Battle lines drawn in England-Wales Euro contest

Chantilly (France) (AFP) - Wayne Rooney's England and Gareth Bale's Wales meet in Lens on Thursday with their Euro 2016 ambitions on the line and fears that their followers could spoil the day.

With England at risk of disqualification after fan violence erupted in Marseille at the weekend and amid provocative comments from Welsh star Gareth Bale, focus in the build-up has been on anything but football.

But with the neighbours' first meeting at a major tournament looming, thoughts have turned to the pitch, where Wales manager Chris Coleman believes England's tactical tinkering could give his side an edge.

"If you're looking at England from afar, it's either going to work for them or it's not, the fact that they've played different formations," he said on Wednesday.

"So we look at that. Maybe they're not settled or maybe they're a bit more settled than we think they are."

While Wales's 3-5-1-1 system has been a staple since the start of the qualifying campaign, England manager Roy Hodgson has seemed caught between using a 4-3-3 formation and a 4-4-2 with a midfield diamond.

The 4-3-3 got an outing in Saturday's 1-1 draw with Russia in Marseille, but with England's failure to kill off the game having come back to bite them in injury time, change could be afoot.

Bale, who set the tone for his team's 2-1 win over Slovakia with a stunning free-kick, has been the Welsh antagoniser-in-chief, accusing England of arrogance and saying that none of their players would get into the Wales team.

However, Coleman described the pre-match sniping as "irrelevant" and his words were echoed by Hodgson, who said: "Talk is talk and action on the field is action on the field."

More used to doing battle on the rugby pitch, England and Wales are facing off in a major football championship for the first time and the results of the opening round of games have put the Welsh in the driving seat.

Victory will take them into the last 16 and leave Hodgson's men clinging on for dear life in Group B, but despite the high stakes, Wayne Rooney says England will go about their task calmly.

- British invasion -

Asked what the mindset for the game will be, the England captain said: "The same mentality as we had for Russia. We're preparing for every game the same.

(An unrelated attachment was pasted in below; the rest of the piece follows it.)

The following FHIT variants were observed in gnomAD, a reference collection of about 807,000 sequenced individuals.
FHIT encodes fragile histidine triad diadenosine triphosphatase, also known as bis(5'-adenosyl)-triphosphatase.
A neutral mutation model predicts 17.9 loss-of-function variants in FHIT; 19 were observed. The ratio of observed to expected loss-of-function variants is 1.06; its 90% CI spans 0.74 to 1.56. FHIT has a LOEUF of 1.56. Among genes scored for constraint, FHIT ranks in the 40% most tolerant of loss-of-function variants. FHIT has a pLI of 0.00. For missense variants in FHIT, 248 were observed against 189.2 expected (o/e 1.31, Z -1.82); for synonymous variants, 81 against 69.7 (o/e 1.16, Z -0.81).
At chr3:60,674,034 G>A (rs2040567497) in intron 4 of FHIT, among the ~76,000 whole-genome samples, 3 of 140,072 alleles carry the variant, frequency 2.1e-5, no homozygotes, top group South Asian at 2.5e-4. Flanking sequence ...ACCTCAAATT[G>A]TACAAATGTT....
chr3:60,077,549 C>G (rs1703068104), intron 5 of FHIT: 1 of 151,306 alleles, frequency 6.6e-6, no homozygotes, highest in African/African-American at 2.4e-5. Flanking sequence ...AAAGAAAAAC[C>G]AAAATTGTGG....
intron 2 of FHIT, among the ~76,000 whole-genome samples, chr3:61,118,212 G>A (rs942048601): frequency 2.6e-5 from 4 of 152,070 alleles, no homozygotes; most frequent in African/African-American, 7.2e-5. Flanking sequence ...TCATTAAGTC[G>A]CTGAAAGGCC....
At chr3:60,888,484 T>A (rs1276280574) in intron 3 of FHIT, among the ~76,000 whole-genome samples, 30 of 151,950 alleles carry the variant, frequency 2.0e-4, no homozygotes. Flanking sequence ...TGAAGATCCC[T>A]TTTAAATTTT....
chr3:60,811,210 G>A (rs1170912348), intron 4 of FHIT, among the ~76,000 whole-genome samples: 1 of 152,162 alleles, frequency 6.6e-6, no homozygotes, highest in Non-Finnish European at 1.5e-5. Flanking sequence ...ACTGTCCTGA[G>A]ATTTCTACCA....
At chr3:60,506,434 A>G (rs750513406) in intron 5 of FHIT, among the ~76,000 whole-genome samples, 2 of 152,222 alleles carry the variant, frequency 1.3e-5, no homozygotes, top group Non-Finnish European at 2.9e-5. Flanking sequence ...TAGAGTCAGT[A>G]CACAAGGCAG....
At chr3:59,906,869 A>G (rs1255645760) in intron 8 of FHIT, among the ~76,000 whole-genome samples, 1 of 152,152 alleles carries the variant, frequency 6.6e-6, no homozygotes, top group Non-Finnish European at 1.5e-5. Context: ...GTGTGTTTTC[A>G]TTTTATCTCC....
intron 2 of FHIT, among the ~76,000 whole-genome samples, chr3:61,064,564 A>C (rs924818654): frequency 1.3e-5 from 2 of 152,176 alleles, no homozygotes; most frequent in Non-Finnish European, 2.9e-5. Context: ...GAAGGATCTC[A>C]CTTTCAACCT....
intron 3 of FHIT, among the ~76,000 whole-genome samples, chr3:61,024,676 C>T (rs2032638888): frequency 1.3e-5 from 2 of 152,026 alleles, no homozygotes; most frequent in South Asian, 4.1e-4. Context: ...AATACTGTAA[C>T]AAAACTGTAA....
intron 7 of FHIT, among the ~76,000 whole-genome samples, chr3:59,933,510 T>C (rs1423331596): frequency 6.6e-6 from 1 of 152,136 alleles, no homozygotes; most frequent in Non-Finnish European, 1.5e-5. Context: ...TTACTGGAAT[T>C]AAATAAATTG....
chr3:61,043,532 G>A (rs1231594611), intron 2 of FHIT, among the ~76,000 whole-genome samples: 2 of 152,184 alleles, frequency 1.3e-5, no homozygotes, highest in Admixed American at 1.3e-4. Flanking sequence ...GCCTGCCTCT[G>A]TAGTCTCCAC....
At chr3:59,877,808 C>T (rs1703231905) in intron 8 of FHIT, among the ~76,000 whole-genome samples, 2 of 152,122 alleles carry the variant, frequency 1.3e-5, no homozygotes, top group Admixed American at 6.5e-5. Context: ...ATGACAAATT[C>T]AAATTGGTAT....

"We're not going to prepare differently because we're playing Wales and we know a lot more of their players as they play in the Premier League.

"It's the same preparations for this game, whether it's Wales, Russia or Slovakia. We're doing our job professionally, preparing well, and it's down to us as players now.

"We've done all our work on the training pitch. Now we've got to go out and do it on the pitch."

Both Hodgson and Rooney have pleaded for the fans travelling to the small industrial city of Lens to behave and there will be 2,400 security personnel on the streets, in addition to an alcohol ban.

The Football Association and Football Association of Wales have both urged fans without tickets not to attend, but despite the Stade Bollaert-Delelis holding only 35,000 fans, between 40,000 and 50,000 British supporters are expected to descend on the city.

Coleman hopes that goalkeeper Wayne Hennessey will be able to play after missing the Slovakia game due to a back spasm, which saw 22-year-old Liverpool reserve Danny Ward handed his first start.

Joe Ledley and Hal Robson-Kanu are both pushing for starting roles after coming off the bench against Slovakia, the latter scuffing in a raucously celebrated 81st-minute winner.

Raheem Sterling's place may be under threat for England after a poor display on the left flank against Russia.

England's inability to build on the lead given to them by Eric Dier's free-kick, meanwhile, could open the door for Daniel Sturridge or Jamie Vardy to come into the team in attack.